Sizing and Scaling your Optimizer Hub Installation
In order for the Optimizer Hub to perform the JIT compilation in time, you need to make sure the installation is sized correctly. You scale Optimizer Hub by specifying the total number of vCores you wish to allocate to the service. The Helm chart automatically sets the sizing of the individual Optimizer Hub components.
Scaling Optimizer Hub is controlled by how much capacity Optimizer Hub has to process compilation requests. This is controlled by the amount of vCores Optimizer Hub has been provisioned. Note that scaling is primarily a concern when discussing Cloud Native Compiler. ReadyNow Orchestrator consumes much fewer resources than Cloud Native Compiler and will often never need to scale beyond its minimum installation.
A critical metric to measure whether your Cloud Native Compiler is responding to compilation requests in time is the Time to Clear Optimization Backlog (TCOB). When you start a Java program, there is a burst of compilation activity as a large amount of optimization requests are put on the compilation queue. Eventually, the compiler catches up with the optimization backlog and all new compilation requests are started within 2 seconds of being put on the compilation queue. The TCOB is the measurement, for each individual JVM, of how long it took from the start of the compilation activity to when the optimization backlog is cleared.
To find the right amount of vCores to provision for a job, first determine an acceptable TCOB for your application. Different applications will find different TCOBs acceptable depending on how many optimizations the program requests and how quickly you need to warm it up. As a starting point, set the amount of time you want to wait before the application is ready to accept requests as your target TCOB.
Perform a test run of a single JVM against your Cloud Native Compiler. In Grafana, check the Time to Clear Optimization Backlog and Compilations in Progress graphs.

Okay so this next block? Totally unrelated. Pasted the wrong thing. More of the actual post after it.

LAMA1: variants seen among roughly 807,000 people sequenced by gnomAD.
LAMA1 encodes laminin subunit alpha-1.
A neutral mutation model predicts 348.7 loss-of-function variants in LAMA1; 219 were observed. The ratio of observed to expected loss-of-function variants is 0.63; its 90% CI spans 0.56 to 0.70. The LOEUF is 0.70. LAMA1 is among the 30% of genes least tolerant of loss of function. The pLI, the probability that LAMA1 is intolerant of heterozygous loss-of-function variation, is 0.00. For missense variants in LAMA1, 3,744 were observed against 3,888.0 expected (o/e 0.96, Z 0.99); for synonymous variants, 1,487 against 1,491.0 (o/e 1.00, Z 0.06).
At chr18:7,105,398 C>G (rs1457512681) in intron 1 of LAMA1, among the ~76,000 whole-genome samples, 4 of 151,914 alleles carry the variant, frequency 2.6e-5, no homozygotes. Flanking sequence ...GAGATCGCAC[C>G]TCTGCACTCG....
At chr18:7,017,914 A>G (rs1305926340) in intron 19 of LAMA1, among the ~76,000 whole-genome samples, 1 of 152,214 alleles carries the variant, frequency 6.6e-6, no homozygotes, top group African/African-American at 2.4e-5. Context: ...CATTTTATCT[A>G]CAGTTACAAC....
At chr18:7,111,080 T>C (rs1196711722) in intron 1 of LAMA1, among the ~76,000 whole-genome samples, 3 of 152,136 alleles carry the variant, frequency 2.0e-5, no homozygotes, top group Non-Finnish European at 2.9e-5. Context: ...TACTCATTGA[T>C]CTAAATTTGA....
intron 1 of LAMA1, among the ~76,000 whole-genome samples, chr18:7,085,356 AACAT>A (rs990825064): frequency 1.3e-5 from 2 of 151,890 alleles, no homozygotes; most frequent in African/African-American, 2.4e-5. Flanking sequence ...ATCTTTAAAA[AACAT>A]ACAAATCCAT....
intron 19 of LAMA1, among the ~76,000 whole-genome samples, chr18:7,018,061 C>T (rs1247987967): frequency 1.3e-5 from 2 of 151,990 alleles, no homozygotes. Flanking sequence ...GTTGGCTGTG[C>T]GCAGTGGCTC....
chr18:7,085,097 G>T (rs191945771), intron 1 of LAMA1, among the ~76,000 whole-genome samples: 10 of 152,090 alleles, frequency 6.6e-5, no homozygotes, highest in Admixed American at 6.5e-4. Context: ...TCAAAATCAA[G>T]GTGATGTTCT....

If the maximum TCOB during your application’s warmup is lower than your target, you can scale down the number of vCores provisioned for the job.
If the maximum TCOB is higher than your target, check the Compilations in Progress metric in Grafana. This metric shows you actual compilations in progress versus Cloud Native Compiler capacity. If you are using the full capacity, add more vCores to the capacity.
You should also check the client JVM logs to see whether the JVM fell back to using local compilation. JVMs switch to local compilation when Cloud Native Compiler becomes unresponsive or tells the JVM that it cannot handle any new requests. You can also see the number of local fallbacks in the Grafana dashboard.
Depending on your autoscaling settings, there are three variables you will need to set:
$ simpleSizing: $ vCores: 32 $ minVCores: 32 $ maxVCores: 106
vCores- Total number of vCores that will be allocated. This does NOT include resources required by monitoring, if you enable it. The minimum amount of vCores for provisioning Cloud Native Compiler is 29.
minVCores- The minimum amount of resources that are always allocated when autoscaling is enabled.
maxVCores- The maximum amount of resources that are allocated when autoscaling is enabled.
Autoscaling is enabled by default in the Helm chart. To disable autoscaling, add the following to
$ autoscaler: false
If you use the Azul-provided cluster config file, the pre-defined node groups for the
cache components already contain instructions to work with Autoscaler. If the Autoscaler Node sees any unused nodes, it deletes them. If a replication controller, deployment, or replica set tries to start a container and cannot do it due to lack of resources, the Autoscaler Node knows which service is needed and adds this service to the Kubernetes cluster. For more information, see https://kubernetes.io/docs/tasks/run-application/horizontal-pod-autoscale/.
In order to use HPA autoscaling, you need install the Metrics Server component in Kubernetes.